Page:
Once we finally make it out of the door, and make it to his favorite pump and dump spot, I realize he doesn’t want to go to the restroom at all; he just wants to play.  Unfortunately for him there is no software engineer on the planet who is in a playing mood after being awakened at 4:30 am by a demon in dog form, so I drag him kicking and screaming back into the house, where I proceed to stuff him back in his kennel.

After waking up from my alarm clock at 6am, and taking him out to do his morning routine, which he completes with due haste. I decide that I should probably play with him in order to redirect his energy away from eating my apartment; it’s better if he spends that time sleeping. In his excitement, he bit me. I don’t mean mouthing, I mean bit, hard. I still have the whelts on my hand 3 hours later. This is the part of this story where I restrain myself from breaking his legs. I immediately stopped playing with him, let out a loud “ouch” sound, and gave him a “no” which is his non mark.

After feeding and watering the dog, and getting myself ready for work, I finally start out of my door, glad that I can escape to something relaxing, like work. I quickly realized that I forgot something and walk back into the house which makes Loki extremely excited to see me. He is so excited, in fact, that he jumps in the air, nearly turning a back-flip, and lands right in his water dish. If you have been reading this blog, you know he doesn’t like water. It is, in fact, his arch nemesis.

He let out the patented Shiba Scream, probably waking up all of my neighbors. Water flies everywhere, all over my cabinets, the floor, and the dog; he is dripping wet with water and not happy about it. His instinct is to bolt, but he’s wet and on a tile floor, so he starts slipping and sliding all over the place, making the matter even worse.  After getting the mess cleaned up, and restocking his water dish, I finally depart to work, where I can relax.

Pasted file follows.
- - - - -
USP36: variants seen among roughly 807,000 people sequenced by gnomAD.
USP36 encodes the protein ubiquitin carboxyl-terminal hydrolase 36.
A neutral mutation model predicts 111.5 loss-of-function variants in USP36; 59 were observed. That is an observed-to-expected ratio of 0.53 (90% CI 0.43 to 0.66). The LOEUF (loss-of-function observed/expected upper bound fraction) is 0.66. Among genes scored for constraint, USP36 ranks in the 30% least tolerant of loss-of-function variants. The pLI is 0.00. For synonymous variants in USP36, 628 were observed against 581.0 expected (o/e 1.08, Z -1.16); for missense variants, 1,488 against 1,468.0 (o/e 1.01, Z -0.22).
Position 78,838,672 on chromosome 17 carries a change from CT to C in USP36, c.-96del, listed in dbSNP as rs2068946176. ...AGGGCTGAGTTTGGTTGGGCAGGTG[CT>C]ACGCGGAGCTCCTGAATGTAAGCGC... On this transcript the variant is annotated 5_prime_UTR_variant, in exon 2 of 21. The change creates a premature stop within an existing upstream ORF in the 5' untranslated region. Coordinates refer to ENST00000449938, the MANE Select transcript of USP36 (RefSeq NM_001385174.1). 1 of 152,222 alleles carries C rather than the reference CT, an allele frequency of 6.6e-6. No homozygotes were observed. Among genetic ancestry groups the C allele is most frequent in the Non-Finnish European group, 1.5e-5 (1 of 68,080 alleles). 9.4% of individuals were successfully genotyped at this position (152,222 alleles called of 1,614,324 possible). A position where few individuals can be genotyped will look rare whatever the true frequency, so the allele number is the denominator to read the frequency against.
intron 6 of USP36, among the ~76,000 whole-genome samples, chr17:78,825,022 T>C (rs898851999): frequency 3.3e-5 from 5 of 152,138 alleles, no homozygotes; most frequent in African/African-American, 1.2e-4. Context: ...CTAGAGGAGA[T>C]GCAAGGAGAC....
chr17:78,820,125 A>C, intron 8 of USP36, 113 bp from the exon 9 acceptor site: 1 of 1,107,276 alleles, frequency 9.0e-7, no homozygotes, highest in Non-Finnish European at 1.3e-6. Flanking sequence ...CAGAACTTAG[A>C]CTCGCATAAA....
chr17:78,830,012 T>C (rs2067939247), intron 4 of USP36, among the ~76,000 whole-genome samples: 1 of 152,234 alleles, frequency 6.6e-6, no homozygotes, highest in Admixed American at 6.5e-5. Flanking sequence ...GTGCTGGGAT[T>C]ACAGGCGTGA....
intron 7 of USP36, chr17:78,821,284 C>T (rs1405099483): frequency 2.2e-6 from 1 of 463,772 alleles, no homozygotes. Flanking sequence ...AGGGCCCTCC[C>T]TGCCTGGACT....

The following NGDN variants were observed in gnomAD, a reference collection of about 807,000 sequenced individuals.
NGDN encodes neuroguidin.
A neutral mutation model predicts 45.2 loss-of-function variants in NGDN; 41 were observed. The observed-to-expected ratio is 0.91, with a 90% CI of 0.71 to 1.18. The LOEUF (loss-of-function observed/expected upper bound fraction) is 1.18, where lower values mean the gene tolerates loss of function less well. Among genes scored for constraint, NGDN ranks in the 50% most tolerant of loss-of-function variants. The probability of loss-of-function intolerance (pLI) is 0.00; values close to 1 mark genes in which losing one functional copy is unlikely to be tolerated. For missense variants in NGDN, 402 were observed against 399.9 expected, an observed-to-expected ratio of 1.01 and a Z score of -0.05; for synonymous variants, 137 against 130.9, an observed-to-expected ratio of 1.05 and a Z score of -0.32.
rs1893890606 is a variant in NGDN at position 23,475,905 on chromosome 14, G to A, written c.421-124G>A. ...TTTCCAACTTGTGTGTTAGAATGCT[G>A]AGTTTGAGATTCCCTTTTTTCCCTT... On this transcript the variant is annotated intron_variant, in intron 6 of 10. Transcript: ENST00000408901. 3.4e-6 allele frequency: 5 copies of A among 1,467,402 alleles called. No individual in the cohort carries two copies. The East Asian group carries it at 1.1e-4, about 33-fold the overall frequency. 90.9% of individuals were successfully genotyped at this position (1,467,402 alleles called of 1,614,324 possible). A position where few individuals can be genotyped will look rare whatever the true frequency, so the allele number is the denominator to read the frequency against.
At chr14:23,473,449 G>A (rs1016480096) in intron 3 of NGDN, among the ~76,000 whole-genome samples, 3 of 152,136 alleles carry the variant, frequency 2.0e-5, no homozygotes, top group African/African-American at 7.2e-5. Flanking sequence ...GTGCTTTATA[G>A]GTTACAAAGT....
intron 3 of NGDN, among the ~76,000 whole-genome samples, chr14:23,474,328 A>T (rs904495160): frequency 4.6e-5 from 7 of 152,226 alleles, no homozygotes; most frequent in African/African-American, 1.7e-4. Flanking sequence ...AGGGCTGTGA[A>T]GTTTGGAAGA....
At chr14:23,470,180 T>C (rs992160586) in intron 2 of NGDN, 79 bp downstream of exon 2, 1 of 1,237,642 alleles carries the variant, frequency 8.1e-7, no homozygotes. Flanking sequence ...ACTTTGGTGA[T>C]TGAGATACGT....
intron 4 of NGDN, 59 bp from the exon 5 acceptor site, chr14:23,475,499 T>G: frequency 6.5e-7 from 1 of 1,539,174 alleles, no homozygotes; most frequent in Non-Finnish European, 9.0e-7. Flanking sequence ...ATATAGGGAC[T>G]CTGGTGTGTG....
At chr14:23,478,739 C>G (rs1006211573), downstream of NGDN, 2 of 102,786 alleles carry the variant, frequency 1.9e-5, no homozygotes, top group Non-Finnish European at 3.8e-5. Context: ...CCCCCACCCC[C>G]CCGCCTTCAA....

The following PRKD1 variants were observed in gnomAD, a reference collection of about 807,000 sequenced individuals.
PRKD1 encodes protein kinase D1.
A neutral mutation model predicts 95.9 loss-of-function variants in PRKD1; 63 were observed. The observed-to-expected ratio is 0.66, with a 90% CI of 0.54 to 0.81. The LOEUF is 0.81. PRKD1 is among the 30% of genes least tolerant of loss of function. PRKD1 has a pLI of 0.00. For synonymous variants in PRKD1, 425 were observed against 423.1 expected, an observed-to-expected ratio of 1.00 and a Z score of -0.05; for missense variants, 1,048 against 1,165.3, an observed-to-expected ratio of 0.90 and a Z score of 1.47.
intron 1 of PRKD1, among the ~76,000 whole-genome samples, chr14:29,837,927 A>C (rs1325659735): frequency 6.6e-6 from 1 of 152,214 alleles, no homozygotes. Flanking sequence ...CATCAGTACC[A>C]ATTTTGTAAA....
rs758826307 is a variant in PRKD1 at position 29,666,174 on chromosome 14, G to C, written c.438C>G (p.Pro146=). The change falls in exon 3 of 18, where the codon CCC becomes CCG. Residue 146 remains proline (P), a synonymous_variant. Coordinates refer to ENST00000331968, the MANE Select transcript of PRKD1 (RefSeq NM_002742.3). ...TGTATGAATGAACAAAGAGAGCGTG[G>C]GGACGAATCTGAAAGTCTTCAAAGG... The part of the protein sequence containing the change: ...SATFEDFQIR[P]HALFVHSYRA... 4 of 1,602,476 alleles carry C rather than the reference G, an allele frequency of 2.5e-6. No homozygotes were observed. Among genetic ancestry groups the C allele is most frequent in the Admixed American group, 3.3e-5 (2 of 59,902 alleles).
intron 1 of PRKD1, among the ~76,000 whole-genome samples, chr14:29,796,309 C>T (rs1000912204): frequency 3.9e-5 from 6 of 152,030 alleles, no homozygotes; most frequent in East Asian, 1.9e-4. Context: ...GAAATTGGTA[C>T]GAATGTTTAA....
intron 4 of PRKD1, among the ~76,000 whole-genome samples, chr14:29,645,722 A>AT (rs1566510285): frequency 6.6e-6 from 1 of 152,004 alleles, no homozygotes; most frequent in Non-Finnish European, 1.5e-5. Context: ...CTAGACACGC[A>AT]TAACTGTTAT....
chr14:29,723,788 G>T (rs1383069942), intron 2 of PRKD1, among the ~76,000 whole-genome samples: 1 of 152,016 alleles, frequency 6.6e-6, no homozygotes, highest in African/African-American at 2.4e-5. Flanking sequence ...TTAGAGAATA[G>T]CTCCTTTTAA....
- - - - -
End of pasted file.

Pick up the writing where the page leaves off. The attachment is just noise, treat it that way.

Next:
Categories: Life, Loki

Best to let sleeping dogs lie

October 3, 2011 Leave a comment

One day, I will figure out how he sleeps like that.  I am amazed that dogs can sleep anywhere, in any position, at any time *envy*.

Categories: Life, Loki

The Injured Loki

October 3, 2011 Leave a comment

Somehow, Loki got injured, and like most pet owners my first thought was “what did he do this time”.  Loki was still weight bearing, but was favoring his right leg.  This is probably benign, but there are literally scores of puppy bone diseases that also present with those exact symptoms, like hip dysplasia, so I had to get it checked out.

After getting up early enough to hear dawn break (to those of you who have never heard it trust me it is loud) I shuttled him off to the vet.  So happy little Loki limps his way into the exam room, being quite the trooper considering he is injured, or so I thought, and plops down on the exam table.

Those of you who have read about Shibas know this is the part of this story where the fecal matter hits the rotating air oscillator, in fact I can literally hear you snickering at me through the internet. The vet tech did the unthinkable; he reached down to pick up Loki, and the poor tortured dog let out a scream the likes of which I have never heard, and never will again; think exorcism of Emily Rose.  Everyone in the room heard it (rather temporarily until their eardrums ruptured).  Luckily the people in the waiting room was spared their hearing, but I’m sure they reported us to the ASPCA for animal cruelty.

It turns out that he probably just has a sprain, which is what I suspected, but I wanted a vet to take a look just to make sure since he is a 4.5 month old puppy.  Bone disorders, if not treated promptly, can lead to permanent lameness at this age.  The doctor recommended that I “get him out of the clinic before anybody else goes deaf” and that I take it easy with him for a week.  That means no running, jumping, walking up and down stairs or anything else stressful on his leg.  He can go on short walks only to go to the bathroom.  I wonder, now, if his plan was to get a free ride up and down the stairs every time he needs to go take a dump.  The world may never know.

Categories: Life, Loki